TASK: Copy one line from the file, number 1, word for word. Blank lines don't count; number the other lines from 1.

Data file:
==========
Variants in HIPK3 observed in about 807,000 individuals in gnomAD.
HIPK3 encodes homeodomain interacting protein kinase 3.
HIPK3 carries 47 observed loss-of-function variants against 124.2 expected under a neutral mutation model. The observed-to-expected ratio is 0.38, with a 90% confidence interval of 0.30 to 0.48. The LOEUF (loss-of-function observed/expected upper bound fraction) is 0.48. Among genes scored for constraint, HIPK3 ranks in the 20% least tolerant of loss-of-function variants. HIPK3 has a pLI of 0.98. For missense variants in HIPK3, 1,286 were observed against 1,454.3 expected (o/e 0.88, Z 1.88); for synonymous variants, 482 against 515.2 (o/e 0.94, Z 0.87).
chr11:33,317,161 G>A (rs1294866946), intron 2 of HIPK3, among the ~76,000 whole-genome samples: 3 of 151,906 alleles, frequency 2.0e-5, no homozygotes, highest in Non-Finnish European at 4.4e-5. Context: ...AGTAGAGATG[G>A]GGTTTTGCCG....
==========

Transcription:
Variants in HIPK3 observed in about 807,000 individuals in gnomAD.